If a donor's allegiance was once based on the calibre of a gallery's curators, his support might now be dictated by the strength of that gallery's marketing managers.

Warning: don't be alarmed to find Barbara Hepworth sculptures atop the latest media platform instead of their usual pedestals next time you're at the Tate.

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A global marketplace: the internet represents exporting’s biggest opportunity

The advent of the internet age has made the whole world a single marketplace. Selling goods online through digital means offers British businesses huge opportunities for international growth. The UK was one of the earliest adopters of online retail platforms, and UK online sales revenues are growing at around 20 per cent each year, not just driving wider economic growth, but promoting the British brand to an enthusiastic audience.

Global e-commerce turnover grew at a similar rate in 2014-15 to over $2.2trln. The Asia-Pacific region, for example, is embracing e-marketplaces with 28 per cent growth in 2015 to over $1trln of sales. This demonstrates the massive opportunities for UK exporters to sell their goods more easily to the world’s largest consumer markets. My department, the Department for International Trade, is committed to being a leader in promoting these opportunities. We are supporting UK businesses in identifying these markets, and are providing access to services and support to exploit this dramatic growth in digital commerce.

With the UK leading innovation, it is one of the responsibilities of government to demonstrate just what can be done. My department is investing more in digital services to reach and support many more businesses, and last November we launched our new digital trade hub: www.great.gov.uk. Working with partners such as Lloyds Banking Group, the new site will make it easier for UK businesses to access overseas business opportunities and to take those first steps to exporting.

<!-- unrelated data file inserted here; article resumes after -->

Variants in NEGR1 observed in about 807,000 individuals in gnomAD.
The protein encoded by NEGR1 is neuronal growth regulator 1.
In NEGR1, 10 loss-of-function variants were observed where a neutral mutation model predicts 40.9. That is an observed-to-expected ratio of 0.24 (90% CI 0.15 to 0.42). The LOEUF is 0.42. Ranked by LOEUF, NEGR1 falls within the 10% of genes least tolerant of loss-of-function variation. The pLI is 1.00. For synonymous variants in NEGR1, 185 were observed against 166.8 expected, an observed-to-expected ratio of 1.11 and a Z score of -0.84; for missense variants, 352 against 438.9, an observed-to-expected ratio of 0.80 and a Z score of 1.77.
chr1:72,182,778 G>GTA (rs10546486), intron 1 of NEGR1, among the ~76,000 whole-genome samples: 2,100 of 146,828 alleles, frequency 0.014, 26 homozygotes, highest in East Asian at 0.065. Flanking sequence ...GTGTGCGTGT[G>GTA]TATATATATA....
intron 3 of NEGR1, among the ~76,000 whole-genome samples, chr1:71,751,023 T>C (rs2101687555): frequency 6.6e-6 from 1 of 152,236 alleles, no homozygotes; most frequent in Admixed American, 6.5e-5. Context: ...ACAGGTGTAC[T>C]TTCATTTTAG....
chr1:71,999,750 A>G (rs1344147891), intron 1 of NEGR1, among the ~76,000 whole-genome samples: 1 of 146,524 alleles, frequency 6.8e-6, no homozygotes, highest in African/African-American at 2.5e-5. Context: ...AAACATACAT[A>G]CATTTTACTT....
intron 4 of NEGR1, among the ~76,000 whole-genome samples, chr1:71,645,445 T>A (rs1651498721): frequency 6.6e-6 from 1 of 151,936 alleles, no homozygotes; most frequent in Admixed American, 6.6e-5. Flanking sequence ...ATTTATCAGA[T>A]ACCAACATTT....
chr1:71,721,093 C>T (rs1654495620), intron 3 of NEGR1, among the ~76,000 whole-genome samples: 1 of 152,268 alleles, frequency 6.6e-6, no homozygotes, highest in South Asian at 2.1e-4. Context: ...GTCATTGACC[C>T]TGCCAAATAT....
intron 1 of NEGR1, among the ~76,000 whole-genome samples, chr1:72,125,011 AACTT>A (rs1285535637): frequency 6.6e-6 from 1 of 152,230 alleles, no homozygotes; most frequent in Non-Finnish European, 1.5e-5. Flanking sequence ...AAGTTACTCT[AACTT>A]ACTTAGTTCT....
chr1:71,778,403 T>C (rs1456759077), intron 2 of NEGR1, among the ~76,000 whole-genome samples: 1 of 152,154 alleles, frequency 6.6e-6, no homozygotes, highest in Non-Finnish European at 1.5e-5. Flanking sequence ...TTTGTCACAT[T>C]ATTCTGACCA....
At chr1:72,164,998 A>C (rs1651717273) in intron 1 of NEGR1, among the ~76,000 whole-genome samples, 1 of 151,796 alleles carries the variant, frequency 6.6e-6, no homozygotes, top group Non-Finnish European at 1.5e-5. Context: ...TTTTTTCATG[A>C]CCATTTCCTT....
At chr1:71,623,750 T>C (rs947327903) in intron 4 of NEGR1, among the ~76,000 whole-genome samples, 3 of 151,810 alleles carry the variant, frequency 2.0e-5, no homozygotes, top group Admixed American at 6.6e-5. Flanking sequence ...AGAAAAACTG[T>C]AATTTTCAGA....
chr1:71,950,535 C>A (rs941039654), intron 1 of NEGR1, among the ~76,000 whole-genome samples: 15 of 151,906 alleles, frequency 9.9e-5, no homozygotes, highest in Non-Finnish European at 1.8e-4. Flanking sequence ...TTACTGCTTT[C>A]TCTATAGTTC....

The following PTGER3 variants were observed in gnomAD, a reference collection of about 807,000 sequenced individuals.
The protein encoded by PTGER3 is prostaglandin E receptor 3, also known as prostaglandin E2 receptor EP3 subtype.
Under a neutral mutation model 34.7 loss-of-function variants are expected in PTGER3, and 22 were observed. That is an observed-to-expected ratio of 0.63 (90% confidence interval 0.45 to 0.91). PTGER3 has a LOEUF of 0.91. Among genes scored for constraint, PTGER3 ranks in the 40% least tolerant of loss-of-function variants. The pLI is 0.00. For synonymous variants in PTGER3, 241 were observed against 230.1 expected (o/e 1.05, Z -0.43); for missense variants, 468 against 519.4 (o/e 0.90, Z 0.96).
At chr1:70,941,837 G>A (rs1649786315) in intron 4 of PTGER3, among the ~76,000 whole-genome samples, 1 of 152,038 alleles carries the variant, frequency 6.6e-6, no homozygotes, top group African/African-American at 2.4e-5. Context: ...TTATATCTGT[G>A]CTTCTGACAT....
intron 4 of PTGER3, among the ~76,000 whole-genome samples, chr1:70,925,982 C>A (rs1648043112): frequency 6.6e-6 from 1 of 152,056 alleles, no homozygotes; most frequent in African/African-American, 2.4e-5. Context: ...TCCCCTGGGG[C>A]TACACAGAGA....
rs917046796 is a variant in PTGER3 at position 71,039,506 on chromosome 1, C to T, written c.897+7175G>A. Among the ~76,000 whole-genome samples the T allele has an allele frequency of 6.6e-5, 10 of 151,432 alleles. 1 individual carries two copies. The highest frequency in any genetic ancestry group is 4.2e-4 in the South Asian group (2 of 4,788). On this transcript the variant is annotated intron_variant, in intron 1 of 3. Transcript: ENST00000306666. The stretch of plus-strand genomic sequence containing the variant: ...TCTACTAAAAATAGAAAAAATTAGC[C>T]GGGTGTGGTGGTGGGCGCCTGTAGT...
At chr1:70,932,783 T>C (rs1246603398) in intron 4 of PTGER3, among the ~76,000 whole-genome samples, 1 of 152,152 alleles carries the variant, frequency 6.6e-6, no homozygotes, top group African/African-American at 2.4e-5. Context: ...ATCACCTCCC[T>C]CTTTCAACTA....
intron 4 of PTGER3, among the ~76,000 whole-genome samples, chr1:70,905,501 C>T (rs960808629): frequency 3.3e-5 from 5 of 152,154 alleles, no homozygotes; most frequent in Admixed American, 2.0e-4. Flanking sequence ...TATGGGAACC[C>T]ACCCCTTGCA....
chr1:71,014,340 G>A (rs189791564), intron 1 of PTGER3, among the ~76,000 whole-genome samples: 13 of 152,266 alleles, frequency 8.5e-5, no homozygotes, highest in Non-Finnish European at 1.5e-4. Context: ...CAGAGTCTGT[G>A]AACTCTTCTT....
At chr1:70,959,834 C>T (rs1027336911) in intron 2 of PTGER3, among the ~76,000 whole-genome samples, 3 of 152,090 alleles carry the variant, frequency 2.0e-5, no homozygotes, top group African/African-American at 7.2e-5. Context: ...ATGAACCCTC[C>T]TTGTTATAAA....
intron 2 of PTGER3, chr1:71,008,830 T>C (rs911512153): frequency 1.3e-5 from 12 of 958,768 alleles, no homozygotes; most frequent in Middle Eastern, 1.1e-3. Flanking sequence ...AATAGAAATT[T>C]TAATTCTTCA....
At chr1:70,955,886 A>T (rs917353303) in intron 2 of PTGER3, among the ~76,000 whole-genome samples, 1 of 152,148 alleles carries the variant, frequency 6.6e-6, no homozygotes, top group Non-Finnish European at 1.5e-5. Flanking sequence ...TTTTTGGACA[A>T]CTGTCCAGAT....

The ‘Selling Online Overseas Tool’ within the hub was launched in collaboration with 37 e-marketplaces including Amazon and Rakuten, who collectively represent over 2bn online consumers across the globe. The first government service of its kind, the tool allows UK exporters to apply to some of the world’s leading overseas e-marketplaces in order to sell their products to customers they otherwise would not have reached. Companies can also access thousands of pounds’ worth of discounts, including waived commission and special marketing packages, created exclusively for Department for International Trade clients and the e-exporting programme team plans to deliver additional online promotions with some of the world’s leading e-marketplaces across priority markets.

We are also working with over 50 private sector partners to promote our Exporting is GREAT campaign, and to support the development and launch of our digital trade platform. The government’s Exporting is GREAT campaign is targeting potential partners across the world as our export trade hub launches in key international markets to open direct export opportunities for UK businesses. Overseas buyers will now be able to access our new ‘Find a Supplier’ service on the website which will match them with exporters across the UK who have created profiles and will be able to meet their needs.

With Lloyds in particular we are pleased that our partnership last year helped over 6,000 UK businesses to start trading overseas, and are proud of our association with the International Trade Portal. Digital marketplaces have revolutionised retail in the UK, and are now connecting consumers across the world. UK businesses need to seize this opportunity to offer their products to potentially billions of buyers and we, along with partners like Lloyds, will do all we can to help them do just that.

Taken from the New Statesman roundtable supplement Going Digital, Going Global: How digital skills can help any business trade internationally